Freshman Hagel Takes On McConnell for Senate Campaign Job
By Helen Dewar
With McConnell claiming more than enough votes to win a second term as chairman of the National Republican Senatorial Committee, Hagel faces an uphill fight but said he is "within striking distance" of winning the votes of a majority of the 55 Senate Republicans.
"One of the lessons learned from the 1998 elections is that we need to give the American people reasons to vote for Republican candidates, not just against Democrats," Hagel told a Capitol Hill news conference.
Although he had been outspoken in his criticism of the GOP leadership in recent weeks, Hagel yesterday concentrated instead on his own platform for the campaign post. He called for a "strong, positive, issues-oriented agenda" and pledged to give candidates more autonomy and support, focus on raising "hard" money for their campaigns rather than "soft" money for negative ads and do more to recruit promising candidates.
He was particularly scathing about "demonizing" ads. "This nonsense of savaging your opponent and making their noses grow long and their ears grow hairy and big, that's something my 6-year-old and 8-year-old find quite amusing. It's great theater but I don't know what it does to improve the culture of politics or governance or leadership in this country."
Despite widespread grumbling about Republicans' failure to gain any Senate seats in the Nov. 3 elections, Majority Leader Trent Lott (R-Miss.) and all other current members of the Senate GOP leadership -- except McConnell -- have escaped challenge in party caucuses scheduled for next Tuesday.
This is in sharp contrast to the Republican leadership free-for-all in the House, which resulted in retirement of Speaker Newt Gingrich (Ga.) and defeat of two other GOP leaders, including Rep. John Linder (Ga.), chairman of the House GOP campaign committee. The Senate is nearly always slower than the House to boil over, and House Republicans' rage was exacerbated by the fact that they lost seats.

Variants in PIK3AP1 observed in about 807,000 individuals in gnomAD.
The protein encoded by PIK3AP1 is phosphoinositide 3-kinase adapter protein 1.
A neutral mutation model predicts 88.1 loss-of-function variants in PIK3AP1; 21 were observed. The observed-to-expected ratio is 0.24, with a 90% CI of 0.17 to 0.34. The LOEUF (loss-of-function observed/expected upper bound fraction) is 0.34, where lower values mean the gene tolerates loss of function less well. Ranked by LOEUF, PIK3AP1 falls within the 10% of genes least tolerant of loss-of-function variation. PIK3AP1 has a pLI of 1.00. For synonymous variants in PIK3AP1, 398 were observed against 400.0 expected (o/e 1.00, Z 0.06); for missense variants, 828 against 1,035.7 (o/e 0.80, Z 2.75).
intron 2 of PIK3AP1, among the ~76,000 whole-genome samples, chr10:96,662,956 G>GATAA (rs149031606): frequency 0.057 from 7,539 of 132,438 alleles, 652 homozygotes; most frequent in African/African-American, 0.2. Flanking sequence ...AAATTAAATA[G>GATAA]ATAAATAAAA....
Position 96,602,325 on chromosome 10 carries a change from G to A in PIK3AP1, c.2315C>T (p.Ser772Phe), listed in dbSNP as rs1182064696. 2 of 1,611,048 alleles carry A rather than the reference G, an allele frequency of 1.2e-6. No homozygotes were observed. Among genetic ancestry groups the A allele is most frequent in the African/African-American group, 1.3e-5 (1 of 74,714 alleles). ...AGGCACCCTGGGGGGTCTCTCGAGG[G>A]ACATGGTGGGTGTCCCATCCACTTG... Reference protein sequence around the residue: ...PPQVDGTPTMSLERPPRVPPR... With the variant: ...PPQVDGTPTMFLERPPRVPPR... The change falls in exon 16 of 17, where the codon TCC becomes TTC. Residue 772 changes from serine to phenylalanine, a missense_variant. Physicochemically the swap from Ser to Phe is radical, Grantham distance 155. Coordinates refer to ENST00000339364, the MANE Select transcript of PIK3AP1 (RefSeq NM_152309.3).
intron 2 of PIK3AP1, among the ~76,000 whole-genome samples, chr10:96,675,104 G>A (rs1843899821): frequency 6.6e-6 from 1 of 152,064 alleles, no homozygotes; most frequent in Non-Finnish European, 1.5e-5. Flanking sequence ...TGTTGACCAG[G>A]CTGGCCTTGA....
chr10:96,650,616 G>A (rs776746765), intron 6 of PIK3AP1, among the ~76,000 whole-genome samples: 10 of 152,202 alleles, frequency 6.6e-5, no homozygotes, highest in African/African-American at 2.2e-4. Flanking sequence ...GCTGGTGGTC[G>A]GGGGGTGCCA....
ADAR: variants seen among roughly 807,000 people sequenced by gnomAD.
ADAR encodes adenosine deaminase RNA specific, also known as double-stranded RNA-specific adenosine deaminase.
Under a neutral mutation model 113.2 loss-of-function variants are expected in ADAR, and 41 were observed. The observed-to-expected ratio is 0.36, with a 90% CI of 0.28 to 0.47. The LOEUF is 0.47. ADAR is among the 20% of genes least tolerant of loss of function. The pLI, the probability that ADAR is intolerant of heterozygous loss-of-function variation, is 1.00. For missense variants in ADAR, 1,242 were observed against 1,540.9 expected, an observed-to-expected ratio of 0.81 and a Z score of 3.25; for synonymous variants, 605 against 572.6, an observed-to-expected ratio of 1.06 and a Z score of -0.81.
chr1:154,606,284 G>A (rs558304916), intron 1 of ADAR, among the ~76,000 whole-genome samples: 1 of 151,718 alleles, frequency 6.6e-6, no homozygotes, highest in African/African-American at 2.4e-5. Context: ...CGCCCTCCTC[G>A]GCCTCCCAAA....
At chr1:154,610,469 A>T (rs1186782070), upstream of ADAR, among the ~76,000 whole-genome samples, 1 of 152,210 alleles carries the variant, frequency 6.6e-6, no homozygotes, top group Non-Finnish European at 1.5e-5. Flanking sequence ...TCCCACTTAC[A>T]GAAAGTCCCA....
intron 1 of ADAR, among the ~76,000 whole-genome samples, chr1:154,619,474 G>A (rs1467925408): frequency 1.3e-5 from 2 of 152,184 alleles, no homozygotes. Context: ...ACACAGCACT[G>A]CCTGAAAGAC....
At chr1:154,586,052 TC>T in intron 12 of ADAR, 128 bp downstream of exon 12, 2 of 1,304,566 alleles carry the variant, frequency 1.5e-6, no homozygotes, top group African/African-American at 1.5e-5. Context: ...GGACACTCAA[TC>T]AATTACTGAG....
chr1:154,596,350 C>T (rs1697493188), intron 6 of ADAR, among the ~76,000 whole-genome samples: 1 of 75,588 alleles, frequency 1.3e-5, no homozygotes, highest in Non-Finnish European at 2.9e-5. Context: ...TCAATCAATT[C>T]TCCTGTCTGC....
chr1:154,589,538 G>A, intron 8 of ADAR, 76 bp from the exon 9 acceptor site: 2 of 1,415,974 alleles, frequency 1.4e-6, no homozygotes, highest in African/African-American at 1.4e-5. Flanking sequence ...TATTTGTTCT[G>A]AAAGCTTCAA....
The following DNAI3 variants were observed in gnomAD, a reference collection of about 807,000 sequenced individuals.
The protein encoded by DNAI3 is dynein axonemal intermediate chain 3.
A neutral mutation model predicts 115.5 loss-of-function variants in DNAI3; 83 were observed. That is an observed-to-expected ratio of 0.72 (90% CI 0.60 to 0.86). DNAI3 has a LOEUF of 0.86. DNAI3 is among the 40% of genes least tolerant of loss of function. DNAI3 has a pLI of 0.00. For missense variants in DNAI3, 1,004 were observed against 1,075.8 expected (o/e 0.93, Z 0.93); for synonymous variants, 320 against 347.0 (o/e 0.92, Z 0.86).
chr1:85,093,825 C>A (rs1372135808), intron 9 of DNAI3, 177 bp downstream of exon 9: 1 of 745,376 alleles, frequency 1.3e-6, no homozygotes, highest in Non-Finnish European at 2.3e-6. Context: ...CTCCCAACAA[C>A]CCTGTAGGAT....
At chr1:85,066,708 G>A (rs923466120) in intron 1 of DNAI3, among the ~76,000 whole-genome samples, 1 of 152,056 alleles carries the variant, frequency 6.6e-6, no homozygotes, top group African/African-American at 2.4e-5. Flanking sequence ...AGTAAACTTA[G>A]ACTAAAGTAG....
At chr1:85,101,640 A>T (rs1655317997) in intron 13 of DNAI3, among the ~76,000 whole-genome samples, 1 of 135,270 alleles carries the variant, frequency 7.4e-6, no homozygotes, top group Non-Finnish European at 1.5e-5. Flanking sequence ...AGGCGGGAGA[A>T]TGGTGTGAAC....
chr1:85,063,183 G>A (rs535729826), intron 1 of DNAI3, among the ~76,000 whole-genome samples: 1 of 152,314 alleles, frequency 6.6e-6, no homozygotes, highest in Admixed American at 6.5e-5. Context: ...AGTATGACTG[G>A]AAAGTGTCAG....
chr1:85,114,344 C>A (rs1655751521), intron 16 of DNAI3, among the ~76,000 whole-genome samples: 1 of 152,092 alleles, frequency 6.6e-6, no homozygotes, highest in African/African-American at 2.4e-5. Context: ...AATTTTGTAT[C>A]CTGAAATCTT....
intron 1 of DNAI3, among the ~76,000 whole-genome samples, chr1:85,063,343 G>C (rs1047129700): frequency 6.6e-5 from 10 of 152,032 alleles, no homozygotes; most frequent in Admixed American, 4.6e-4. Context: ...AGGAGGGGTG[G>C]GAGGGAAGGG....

But McConnell became a target both because of dissatisfaction in some quarters with the job he did this year and because of the importance of Senate races in 2000. With Republicans defending 19 seats, compared with 15 for the Democrats, some GOP senators have said privately they believe they could lose their majority if the next campaign plays out the way the last one did.
McConnell issued no comment on Hagel's challenge but Mike Russell, campaign committee spokesman, said: "We feel confident about our vote count and we're sensing a lot of unease about the idea of turning this committee over to a two-year freshman in a cycle when our majority is on the line." Hagel was elected in 1996, McConnell in 1984.
Lott, who had previously indicated he supports McConnell, said: "Given the challenge of the coming election cycle, it is critical that we elect a chairman . . . with the seasoned experience and proven skills to lead us to victory."
While they have no leadership contests, Senate Democrats also have a problem filling their campaign leadership post but it is the opposite of the Republicans' dilemma: No one seems to want the job.
Sen. Robert G. Torricelli (N.J.), currently co-chairman, is in line for the job but may not take it, especially if he does not get on the Senate Finance Committee, according to party sources. Minority Leader Thomas A. Daschle (S.D.), following through on earlier pledges, has promised the finance slot to Sen. Charles S. Robb (Va.), who may face a tough fight for reelection in two years.
© Copyright 1998 The Washington Post Company